Ironically, as Grand Theft Auto has grown in popularity, the fortunes of its parent company have faded. The reason is that while GTA games are selling more, full-game releases are becoming fewer and farther between. Between 2001 and 2004, three GTA games were released. Since 2004, we've seen only two major releases.

Let's take a look at whether GTA 5 multiplayer can create more sales between major releases in the series, and whether fears that micro-transactions will tarnish the quality of the series are well-founded.

Into the online wild

GTA Online was first shown off to the world in a gameplay trailer on Aug. 15.

While buyers get GTA Online with the purchase of GTA 5, the game is actually a different game, set in the same Los Santos world as GTA 5. Missions and storylines are unique and can be played with a group of 16 players in the same world.

With the game only having come out Tuesday and experiencing the usual server issues associated with hugely popular multiplayer games, not much is known about the depth of GTA Online. However, Rockstar has already said it plans on releasing continued downloadable content for GTA Online. Rockstar has released additional downloadable content, or DLC, in the past; GTA 4 launched two different expansion packs -- The Lost and Damned and The Ballad of Gay Tony.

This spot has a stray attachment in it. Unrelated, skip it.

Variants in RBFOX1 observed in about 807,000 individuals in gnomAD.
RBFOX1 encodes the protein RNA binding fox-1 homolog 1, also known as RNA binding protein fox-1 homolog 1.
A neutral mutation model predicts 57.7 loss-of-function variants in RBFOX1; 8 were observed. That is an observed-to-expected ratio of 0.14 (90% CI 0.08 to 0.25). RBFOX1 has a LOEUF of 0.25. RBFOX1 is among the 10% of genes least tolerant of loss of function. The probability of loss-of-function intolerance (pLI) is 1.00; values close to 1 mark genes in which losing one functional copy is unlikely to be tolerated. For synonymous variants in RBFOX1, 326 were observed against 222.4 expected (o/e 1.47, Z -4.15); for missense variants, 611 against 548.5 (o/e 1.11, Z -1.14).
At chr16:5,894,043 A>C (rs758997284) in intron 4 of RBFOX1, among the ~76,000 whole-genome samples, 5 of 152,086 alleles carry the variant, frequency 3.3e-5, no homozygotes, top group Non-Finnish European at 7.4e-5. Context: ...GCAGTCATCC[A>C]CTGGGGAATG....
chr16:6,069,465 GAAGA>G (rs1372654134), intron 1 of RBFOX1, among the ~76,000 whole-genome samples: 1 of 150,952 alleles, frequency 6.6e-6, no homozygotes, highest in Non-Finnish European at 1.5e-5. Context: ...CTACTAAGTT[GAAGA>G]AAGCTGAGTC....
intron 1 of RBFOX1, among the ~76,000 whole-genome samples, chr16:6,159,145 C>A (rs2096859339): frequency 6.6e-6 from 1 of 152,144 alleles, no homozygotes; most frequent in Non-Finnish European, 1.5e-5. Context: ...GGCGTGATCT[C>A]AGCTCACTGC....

What makes the release of additional content in GTA Online especially interesting is that players will still be engaged in a persistent online world across the releases. It's far easier to sell a player a $10 download pack for a game they play daily every 90 days instead of a $20 expansion pack for a game most players finished a year ago.

Will GTA turn into a micro-transaction nightmare?